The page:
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MaikU replied on Mon, Apr 19 2010 3:21 PM

No. End of topic :D

"Dude... Roderick Long is the most anarchisty anarchist that has ever anarchisted!" - Evilsceptic

(english is not my native language, sorry for grammar.)

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Nielsio replied on Mon, Apr 19 2010 3:25 PM

Daniel Blueberry Muffin wrote:

Why can't the would-be bread thief tell the merchant, "I'll sweep the floor for a loaf of bread." Oh, there's probably a law against that.

At least in cartoons, people who can't pay in a restaurant end up doing the dishes. But yeah, that would be completely illegal in most countries.

 

Work for food? --> GO TO JAIL

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Marko replied on Mon, Apr 19 2010 3:30 PM

Maybe you should decide what exactly is it that you are asking.

Do you want to know if the man should steal, or if it would be just of him to steal?

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Hairnet replied on Mon, Apr 19 2010 3:36 PM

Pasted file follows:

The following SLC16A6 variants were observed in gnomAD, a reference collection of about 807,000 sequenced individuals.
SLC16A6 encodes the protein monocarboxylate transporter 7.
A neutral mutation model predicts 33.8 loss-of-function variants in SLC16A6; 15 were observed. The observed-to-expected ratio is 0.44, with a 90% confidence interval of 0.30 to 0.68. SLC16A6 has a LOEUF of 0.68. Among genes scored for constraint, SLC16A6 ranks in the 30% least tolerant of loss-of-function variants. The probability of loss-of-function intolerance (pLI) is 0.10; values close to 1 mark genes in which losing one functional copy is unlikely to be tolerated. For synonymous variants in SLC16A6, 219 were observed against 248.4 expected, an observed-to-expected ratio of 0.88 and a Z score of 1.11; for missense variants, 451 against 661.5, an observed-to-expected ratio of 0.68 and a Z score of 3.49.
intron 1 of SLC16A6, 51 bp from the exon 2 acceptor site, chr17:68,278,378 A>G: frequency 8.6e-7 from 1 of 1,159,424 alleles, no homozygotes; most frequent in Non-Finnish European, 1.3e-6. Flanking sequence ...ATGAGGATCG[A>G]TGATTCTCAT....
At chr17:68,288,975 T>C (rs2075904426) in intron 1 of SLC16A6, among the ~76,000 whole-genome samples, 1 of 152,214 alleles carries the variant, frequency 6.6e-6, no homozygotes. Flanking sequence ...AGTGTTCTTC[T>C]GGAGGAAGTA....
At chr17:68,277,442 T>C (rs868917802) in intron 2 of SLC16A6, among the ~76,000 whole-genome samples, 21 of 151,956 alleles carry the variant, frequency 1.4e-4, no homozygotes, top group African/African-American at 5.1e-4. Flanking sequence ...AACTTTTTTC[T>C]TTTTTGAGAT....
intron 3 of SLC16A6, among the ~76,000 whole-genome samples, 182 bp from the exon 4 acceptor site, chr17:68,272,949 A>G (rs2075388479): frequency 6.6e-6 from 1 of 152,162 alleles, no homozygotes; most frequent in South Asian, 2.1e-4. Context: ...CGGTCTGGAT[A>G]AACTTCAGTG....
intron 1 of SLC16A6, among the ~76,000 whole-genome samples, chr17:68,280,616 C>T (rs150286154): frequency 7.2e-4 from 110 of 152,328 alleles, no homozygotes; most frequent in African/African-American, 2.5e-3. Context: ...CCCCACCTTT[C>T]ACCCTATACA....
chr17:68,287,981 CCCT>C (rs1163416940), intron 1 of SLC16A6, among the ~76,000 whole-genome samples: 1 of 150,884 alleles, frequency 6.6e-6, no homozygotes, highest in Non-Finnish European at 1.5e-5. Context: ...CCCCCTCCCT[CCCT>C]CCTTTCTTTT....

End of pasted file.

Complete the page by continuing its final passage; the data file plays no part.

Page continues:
I would like to point out that this situation is absurd. The idea that this famliy is so poor (involuntarily) that one couldn't afford bread. If property rights were correctly understood and enforced there would be no such situation. Think of how cheap food is today. Even if the food is low in quality, one can still afford some.

   We are talking about some 1930s situation where the government has basically screwed everything up (high unemployment, high essentials costs). If that is the case then the man should knock over a treasury vehicle and take the governments money, instead of bothering some other guy suffering in the same situation. 

 Is it correct to molest children if someone will anhiliate the world if you don't?  Stupid hypotheticals. No offense to the OP.

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William replied on Mon, Apr 19 2010 3:43 PM

Not only should a man NEVER objectively steal EVER, it should be actively encouraged the bread vendor shoot the thief dead on the spot and put his head on a pike to discourage anyone breaking the law of the sacred property rights.

"I am not an ego along with other egos, but the sole ego: I am unique. Hence my wants too are unique, and my deeds; in short, everything about me is unique" Max Stirner
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Gregory replied on Mon, Apr 19 2010 3:44 PM

Marko:

Maybe you should decide what exactly is it that you are asking.

Do you want to know if the man should steal, or if it would be just of him to steal?

Perhaps the post title is misleading.